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2019年6月17日 上海性息

New MPs shown the ropes

(Transcript from World News Australia Radio)

A kind of school for politicians is being held in Canberra for the nation’s 41 newly-elected federal MPs.

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The 28 men and 13 women are being introduced to the procedural and administrative aspects of their new jobs ahead of the opening of the 44th Parliament later this year.

Thea Cowie reports.

 (Click on audio tab above to listen to item)

Wearing their brand new House of Representatives green lapel pins and posing for a group photograph the class of 2013 has begun.

The newly elected member for the Victorian seat of Mallee Andrew Broad says there were a few first day jitters.

BROAD: “It’s a little bit daunting I mean they told us there’s been what is it, 1188 is it? // PITT: “(11)33?” Not many. // BROAD: “(11)33 members of parliament in the history of the Australian Commonwealth so it’s a huge honour and I think that’s a little bit overwhelming for new members.”

Opening the classes, outgoing Speaker of the House of Representatives Anna Burke said one of the big things she’s learned in her 15 years in federal parliament is MPs need to make time for themselves.

She says the incoming politicians will sacrifice a lot for their constituents but they need to remember MPs are volunteers, not conscripts.

“You need to remember yourself. That’s a big lesson that a lot of people forget. A lot of the comments I got as Speaker were about my hair. It used to drive me nuts. This big argument that I was channelling Justin Beiber. Why I’d be channeling the Beib is beyond me, my kids don’t like the Beib. But I hadn’t had time to get a haircut. Sue me. The moral of the story is just remember yourself in this process.”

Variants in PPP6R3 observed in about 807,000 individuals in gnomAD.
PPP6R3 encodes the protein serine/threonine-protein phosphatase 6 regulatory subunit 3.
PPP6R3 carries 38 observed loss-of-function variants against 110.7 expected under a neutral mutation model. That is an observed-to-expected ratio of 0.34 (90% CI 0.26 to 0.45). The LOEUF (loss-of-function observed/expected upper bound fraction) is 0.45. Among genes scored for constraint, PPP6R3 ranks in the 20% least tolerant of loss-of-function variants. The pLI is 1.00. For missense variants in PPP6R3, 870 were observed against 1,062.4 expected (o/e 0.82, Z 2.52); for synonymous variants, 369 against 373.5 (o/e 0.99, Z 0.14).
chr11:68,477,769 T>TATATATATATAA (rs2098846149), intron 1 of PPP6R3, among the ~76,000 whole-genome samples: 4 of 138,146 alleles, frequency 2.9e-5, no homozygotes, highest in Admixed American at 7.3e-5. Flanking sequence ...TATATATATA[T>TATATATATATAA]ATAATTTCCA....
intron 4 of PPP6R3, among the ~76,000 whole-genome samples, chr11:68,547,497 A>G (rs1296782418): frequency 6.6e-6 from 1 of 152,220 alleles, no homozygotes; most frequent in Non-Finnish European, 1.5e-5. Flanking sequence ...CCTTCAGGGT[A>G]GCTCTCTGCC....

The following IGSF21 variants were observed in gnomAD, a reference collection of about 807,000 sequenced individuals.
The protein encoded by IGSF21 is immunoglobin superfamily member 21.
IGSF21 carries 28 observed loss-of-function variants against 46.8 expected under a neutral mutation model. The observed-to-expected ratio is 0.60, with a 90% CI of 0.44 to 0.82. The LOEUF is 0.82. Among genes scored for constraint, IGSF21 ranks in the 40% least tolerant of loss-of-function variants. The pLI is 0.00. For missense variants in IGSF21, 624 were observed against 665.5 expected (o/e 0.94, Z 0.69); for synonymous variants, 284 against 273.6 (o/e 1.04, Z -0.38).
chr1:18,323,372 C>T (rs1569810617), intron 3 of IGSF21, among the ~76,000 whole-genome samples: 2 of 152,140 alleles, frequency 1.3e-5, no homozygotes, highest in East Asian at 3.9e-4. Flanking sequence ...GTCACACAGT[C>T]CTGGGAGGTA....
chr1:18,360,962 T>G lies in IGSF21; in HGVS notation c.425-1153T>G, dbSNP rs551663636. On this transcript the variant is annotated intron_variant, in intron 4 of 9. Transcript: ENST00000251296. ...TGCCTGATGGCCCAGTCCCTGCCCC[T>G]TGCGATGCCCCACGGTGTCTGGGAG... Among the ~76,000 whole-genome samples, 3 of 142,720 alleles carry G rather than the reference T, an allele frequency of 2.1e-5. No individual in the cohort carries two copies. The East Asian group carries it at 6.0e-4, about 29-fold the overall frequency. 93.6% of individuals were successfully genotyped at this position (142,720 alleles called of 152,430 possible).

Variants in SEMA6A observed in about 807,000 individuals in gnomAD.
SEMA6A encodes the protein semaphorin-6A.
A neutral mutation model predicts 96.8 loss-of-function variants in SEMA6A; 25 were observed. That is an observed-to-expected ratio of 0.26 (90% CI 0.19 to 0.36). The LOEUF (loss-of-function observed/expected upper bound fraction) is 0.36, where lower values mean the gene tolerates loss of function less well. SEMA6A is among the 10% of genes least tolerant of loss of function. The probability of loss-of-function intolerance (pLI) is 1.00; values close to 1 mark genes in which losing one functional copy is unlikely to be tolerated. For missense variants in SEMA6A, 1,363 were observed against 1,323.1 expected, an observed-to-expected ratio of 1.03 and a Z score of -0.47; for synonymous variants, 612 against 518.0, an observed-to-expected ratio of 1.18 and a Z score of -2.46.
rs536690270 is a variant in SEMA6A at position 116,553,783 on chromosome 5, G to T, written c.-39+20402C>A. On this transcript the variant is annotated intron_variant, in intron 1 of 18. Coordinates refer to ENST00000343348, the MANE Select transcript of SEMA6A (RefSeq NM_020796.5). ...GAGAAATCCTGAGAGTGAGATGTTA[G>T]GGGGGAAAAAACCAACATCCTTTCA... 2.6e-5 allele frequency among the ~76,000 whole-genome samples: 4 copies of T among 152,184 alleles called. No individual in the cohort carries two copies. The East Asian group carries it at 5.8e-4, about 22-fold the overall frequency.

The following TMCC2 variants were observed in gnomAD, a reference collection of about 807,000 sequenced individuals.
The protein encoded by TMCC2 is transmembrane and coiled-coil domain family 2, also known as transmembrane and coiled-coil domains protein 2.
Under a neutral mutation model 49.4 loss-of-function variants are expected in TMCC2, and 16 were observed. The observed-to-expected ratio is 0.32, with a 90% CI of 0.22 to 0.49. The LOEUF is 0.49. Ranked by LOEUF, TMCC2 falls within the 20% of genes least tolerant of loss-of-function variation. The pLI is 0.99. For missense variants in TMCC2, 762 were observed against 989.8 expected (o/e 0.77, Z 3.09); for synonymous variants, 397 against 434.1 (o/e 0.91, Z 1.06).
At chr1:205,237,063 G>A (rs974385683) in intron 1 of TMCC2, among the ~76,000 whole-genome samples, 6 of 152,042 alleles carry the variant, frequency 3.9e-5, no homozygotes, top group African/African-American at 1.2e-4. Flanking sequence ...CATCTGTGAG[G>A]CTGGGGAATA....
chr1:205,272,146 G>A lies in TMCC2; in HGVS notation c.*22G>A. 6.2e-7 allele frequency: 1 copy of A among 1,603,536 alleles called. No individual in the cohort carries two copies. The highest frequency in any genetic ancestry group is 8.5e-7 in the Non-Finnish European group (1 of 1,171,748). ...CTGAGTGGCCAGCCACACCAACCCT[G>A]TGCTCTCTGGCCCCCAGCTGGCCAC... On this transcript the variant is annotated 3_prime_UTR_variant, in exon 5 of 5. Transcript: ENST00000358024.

The lessons imparted by Ms Burke have been wide-ranging.

From from when to sit down and when to stand in parliament; to advising MPs to get their own security pass so they can enter and exit the building without being stopped by the media.

Ms Burke has also instructed the MPs to be extremely careful when claiming expenses for attending weddings after six members of the Coalition frontbench were questioned for doing so.

Her advice is going to a wedding is not work.

It’s something incoming Liberal National Party MP Keith Pitt jokes he won’t need to worry about.

“Look at the moment I’ve got none scheduled and I’m not sure about you Andrew but I’m happily married and I hope to stay that way. Look certainly I guess we’re in a very good position in that we’ve got clean slates. I haven’t made a single claim yet and certainly will be very cautious around entitlements because our job is to represent the taxpayer and not to waste their money.”

But Ms Burke says first thing MPs need to learn is how to give a speech to nobody.

At least 30 House of Representatives members must be present when parliamentary sittings begin and when a vote or division is called.

But much of the time the House conducts its business with as few as two or three members from each side of politics.

Ms Burke says although the chamber may be empty, there are always people listening to radio broadcasts, or online – and what they say will be recorded in Hansard.

“I’ll tell you it takes a long time. Because we’re all used to speaking in public. You know you engage with the audience, you talk you get a laugh, you get the eyes. It’s really weird giving a speech to nobody but Hansard. It really takes a while to get used to. You think there’s no one listening but they are. They’re out there on the radio. You’ll be stunned by the emails you’ll get saying ‘I heard you speaking’.”

Not all 41 members of the class of 2013 are fresh faces.

Mal Brough and Jason Wood held lower house seats in the 41st and 42nd Parliaments while Senators in the last parliament – Barnaby Joyce, Matt Thistlethwaite and David Feeney – have moved to the lower house.